Wednesday, 9 August 2017

Wet Wednesday on the Wiver

Alliterative enough for you, Sarah?

We had a fair amount of rain overnight, which continued well into the morning. I put my waterproofs on and had a walk round Evesham; when I got back to the boat the rain had stopped. We set off, therefore, and the rain started again. Oh well, we were committed now. First up after Workman Bridge was Evesham Lock, the one with the A-frame house. This I remembered from 35 years ago. Before working through the lock we made use of the facilities - watering up and emptying the Elsan.

Having read Neil's blog the other day we stopped at Offenham, tying up at the Bridge Inn. As it was lunchtime we ate in the pub. It was rather a lonely experience. Apart from the barman and, presumably, the chef, we were the only people in there. I must learn to ask for my steak to be "rare", and then it might actually be medium-rare as I want. Here I ordered "medium-rare" and it came medium-well done. As always, though, by the time it came and I'd hungrily eaten enough to know it was overcooked, it was too late to send it back.

Walking up Boat Lane from the pub we came across the microbrewery Neil wrote about, the Boat Lane Brewery. Ian had two ales on tap to sample, PWA and Single Step, of which I preferred the latter. We weren't offered a tour, perhaps because Ian seemed to be on his own. I bought a couple of (small) bottles of Satsumo Stout and one of Single Step, and we walked into the village to look for the tall maypole. According to Wikipedia Offenham's maypole, at 64 feet, is the tallest of only six permanent maypoles in England. (But Wikipedia's entry for Barwick, Yorks, describes that village's maypole as 86 feet tall.) Anyway, here it is, with Jan standing at its foot for scale.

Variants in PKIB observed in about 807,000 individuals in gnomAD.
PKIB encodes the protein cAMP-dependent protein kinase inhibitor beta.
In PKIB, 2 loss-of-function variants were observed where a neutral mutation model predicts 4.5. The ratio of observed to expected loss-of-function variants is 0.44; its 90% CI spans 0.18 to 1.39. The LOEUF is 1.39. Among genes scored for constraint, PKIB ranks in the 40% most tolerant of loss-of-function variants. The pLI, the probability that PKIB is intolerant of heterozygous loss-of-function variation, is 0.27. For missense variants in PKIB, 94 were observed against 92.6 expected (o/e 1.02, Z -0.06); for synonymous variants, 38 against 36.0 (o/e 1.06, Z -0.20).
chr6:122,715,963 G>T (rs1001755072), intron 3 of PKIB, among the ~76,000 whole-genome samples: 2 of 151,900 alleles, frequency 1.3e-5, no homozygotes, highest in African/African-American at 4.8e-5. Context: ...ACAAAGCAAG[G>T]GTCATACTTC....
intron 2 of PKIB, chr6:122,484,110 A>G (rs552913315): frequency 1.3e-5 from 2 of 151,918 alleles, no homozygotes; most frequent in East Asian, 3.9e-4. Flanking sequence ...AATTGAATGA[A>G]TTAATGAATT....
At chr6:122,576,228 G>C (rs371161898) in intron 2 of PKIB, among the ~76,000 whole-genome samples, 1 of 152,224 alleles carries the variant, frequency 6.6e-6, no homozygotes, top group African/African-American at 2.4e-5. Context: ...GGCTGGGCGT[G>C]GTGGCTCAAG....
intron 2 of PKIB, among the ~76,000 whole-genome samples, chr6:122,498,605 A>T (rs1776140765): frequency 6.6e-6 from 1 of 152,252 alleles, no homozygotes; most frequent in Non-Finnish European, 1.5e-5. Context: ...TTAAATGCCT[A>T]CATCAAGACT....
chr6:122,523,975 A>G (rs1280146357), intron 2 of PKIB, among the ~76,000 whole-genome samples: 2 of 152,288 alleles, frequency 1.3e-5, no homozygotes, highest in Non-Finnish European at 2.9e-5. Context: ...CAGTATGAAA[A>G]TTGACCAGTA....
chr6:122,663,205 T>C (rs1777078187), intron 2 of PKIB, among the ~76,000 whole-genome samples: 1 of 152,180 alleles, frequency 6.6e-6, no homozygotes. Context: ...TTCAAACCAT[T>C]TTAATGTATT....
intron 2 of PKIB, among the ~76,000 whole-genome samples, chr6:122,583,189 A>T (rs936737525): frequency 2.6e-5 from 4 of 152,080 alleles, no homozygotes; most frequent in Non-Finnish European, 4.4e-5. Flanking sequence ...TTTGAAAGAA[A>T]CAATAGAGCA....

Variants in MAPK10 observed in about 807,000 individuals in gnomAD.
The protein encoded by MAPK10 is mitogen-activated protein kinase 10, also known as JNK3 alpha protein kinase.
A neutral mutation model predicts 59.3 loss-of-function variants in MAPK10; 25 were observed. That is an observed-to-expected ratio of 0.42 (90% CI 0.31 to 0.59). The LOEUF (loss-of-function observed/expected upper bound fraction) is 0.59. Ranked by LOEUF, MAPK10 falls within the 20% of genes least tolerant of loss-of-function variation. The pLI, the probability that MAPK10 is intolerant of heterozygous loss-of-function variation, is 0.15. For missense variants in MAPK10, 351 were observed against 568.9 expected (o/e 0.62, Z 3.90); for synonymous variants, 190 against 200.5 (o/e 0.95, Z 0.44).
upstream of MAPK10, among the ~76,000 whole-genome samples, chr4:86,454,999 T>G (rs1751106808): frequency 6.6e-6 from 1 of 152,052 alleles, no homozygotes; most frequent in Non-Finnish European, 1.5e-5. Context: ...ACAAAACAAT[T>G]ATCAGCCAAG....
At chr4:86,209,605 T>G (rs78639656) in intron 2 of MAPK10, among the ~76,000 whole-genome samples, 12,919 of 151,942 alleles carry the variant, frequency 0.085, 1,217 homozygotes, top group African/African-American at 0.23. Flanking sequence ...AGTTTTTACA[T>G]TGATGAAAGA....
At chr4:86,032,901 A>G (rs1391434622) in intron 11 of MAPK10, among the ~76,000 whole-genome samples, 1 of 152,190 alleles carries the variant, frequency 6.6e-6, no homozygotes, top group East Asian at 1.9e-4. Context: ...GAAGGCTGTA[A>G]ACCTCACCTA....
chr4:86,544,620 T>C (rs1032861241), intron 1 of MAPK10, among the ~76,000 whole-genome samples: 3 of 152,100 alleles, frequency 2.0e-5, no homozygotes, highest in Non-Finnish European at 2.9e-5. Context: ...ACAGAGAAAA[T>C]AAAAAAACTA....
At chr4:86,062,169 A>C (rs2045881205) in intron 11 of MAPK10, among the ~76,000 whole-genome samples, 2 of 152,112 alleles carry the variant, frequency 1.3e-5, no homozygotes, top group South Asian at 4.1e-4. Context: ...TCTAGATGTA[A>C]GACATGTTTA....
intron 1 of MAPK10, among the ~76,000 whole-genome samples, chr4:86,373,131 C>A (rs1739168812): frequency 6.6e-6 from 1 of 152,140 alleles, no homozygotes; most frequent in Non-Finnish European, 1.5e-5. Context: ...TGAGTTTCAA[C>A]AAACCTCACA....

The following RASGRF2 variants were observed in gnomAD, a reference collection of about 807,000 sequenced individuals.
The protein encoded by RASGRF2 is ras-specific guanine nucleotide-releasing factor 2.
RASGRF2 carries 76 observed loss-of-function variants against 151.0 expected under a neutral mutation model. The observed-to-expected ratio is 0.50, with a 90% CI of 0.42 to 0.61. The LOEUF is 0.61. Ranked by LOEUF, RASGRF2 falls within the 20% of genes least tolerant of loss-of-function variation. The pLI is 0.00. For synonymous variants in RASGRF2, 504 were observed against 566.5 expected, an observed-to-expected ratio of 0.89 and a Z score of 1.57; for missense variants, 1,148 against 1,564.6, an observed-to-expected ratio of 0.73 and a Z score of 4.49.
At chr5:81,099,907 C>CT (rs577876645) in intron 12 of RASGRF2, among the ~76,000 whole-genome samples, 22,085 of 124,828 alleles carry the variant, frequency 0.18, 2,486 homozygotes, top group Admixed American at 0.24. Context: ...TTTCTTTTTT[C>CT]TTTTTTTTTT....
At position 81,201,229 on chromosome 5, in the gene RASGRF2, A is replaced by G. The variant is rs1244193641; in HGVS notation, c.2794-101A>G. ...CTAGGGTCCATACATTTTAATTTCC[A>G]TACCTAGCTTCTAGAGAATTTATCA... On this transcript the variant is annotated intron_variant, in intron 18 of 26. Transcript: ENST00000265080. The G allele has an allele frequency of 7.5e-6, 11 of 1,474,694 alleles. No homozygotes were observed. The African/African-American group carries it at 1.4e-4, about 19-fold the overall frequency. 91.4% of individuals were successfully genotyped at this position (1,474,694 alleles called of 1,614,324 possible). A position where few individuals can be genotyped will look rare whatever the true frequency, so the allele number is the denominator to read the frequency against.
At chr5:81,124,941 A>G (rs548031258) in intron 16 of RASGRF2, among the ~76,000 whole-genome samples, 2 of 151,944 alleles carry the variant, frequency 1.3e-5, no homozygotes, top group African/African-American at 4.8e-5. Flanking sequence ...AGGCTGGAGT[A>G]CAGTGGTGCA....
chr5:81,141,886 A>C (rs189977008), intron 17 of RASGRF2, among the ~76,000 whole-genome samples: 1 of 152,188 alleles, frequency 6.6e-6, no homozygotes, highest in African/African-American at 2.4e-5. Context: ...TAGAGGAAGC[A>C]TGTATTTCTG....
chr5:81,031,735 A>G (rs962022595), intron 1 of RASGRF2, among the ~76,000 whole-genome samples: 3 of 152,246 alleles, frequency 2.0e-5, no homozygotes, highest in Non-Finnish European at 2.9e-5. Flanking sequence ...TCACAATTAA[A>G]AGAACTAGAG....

There are some pretty houses in Offenham. Can you see the straw finial?

I think they are boxing hares.

The last rain we had today was while we were doing Evesham Lock. The sky remained threatening ...

... but not enough to put off the gliders. I saw several being given an air tow.

At Marlcliff Lock we encountered a 70 feet wide beam which squeezed past us as we waited on the lock landing.

As expected, by the time we reached Bidford-on-Avon - at about 7pm - there was no space on the recreation ground mooring. We breasted up to a hire boat whose crew was out, but a neighbouring boat assured us that they wouldn't mind. Happily, this turned out to be the case.

This was the view from the bow when we'd tied up.

I cycled back to Evesham to get the car and passed lots of apple orchards. The sunset was dramatic, with that black cloud still there.

Tomorrow should see us in Stratford and back to good old canals at last.

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